This small mountain town is home to ghostly fireflies, heavenly waterfalls, rustic melodies, and much more
Story / Photos by Deborah Burst
A SMALL TOWN in the Appalachian Mountains, Brevard, North Carolina holds many secrets, from a land consumed with ghostly fireflies and rainbow waterfalls to a vibrant current of rustic and refined music.
Even the name of the county, Transylvania, sparks a vivid imagination. Imagine a village of fairies — blue fireflies — what locals call ghosts of the Confederate soldiers. Could there be some truth to this tale? After all, they only show up in Transylvania County, home to major confederate battles. And the tiny insects are very strict with their timing, mid to late May.
Step inside Transylvania’s Twilight Zone, pitch dark except for the creatures of the night, the blue fireflies or what some call, lightning bugs. Now imagine a symphony with no sound, instead synchronized waves of flashing. Stroll slowly inside the dark abyss, senses heightened you soon become one with these mysterious creatures. Consumed by sky-high trees with a carpet of ferns and a bed of leaves, one quickly learns these ghostly nymphs are on a serious mission — mating.
The female firefly doesn’t flash, and never moves past the larvae stage. Instead they lay low in the leaf litter emitting a dim but constant bluish-white light. Meanwhile, the males get busy flirting, flashing for hours, and doing their best to win the prize. Every moment brings another surprise, a loner, perhaps a scout, moving slowly towards you, and then pure darkness.
Often times there’s a faint spell of rain, which seems to attract the busy bugs. Listen closely as the woods add another act to this adorning concerto. Repeated raindrops darting across the forest floor join a staccato stroke of thunder and lightning splashing across the treetops. Soon a throaty theater of frogs and crickets create their own style of music. As the wind slices through the trees, the gentle pounding of leaves give way to a maternity ward of future fireflies.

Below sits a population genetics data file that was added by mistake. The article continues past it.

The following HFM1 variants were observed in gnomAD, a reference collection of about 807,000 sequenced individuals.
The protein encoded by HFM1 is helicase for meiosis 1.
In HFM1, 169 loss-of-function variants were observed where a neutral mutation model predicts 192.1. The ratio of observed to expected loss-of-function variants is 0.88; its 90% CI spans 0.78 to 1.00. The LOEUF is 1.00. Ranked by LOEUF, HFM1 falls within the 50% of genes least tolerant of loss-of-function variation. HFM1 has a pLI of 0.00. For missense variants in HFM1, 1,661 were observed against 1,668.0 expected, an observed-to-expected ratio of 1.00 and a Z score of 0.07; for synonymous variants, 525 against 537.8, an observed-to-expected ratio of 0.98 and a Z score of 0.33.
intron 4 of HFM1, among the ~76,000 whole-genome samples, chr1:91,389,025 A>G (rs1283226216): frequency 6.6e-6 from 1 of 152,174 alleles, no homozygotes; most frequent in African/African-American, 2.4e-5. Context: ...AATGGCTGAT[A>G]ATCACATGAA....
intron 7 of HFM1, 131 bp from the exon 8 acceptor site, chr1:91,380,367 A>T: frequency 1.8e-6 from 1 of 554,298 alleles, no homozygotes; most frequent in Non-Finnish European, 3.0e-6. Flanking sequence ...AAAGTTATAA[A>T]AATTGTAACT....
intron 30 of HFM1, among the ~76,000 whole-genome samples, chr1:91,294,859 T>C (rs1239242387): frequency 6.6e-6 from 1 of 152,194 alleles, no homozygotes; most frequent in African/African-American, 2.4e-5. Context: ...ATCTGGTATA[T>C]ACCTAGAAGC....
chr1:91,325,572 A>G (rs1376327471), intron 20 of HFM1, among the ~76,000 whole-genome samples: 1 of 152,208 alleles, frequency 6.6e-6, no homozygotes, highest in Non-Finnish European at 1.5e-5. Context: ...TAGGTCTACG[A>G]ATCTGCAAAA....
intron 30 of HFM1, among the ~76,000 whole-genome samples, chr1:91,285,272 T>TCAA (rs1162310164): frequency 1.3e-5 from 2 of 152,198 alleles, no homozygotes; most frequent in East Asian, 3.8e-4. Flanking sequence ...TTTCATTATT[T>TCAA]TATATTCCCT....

KING OF THE WATERFALLS
Touted as some of the highest falls east of the Rocky Mountains, western North Carolina owns some of the most beloved cascades. They have their own mystic, and Rainbow Falls brings a fury of energy, with 150 feet of water crashing down among epic trees and lush wildflowers in the Pisgah National Forest. Known for its misty rainbow of sunlight, there’s another secret that many may not realize. Peer through polarized sunglasses and witness the copper-colored rock behind the waterfall. Even the trail has its own unique beauty. Shaded by skyscraper trees, steady streams of people exiting the falls are giddy with excitement. Many stop and share their experience. On your next stop treat yourself to a short detour on the trail back. At the top of the waterfall the High Falls covered bridge stretches across the Little River that flows into the stunning waterfall.
Right off the highway, the Looking Glass Falls offers a perfect place for photos, be it a close-up of the falls or its steady stream rolling through the trees. Draped with chiseled walls of rocks, emerald vines caress this majestic odyssey. Imagine a soft, maternal fall, full of vigor yet polite. There on the ground, a misty breeze rides the air, but gentle enough for families to roam its kingdom, some with children and babies.
CRADLE OF FORESTRY
Next up on the Brevard/ Transylvania itinerary, the Cradle of Forestry in Pisgah National Forest is a must-see, the birthplace of today’s science-based forestry focused on environmental sustainability. Built more than a century ago, every building tells a story, from the forestry student quarters to the one-room schoolhouse, and the office of Dr. Carl Alwin Schenck. A native of Germany, Schenck was hired as director of the Biltmore Forest School opened in 1898. The first ever in America, young men from New England and the Midwest were hungry for forestry education.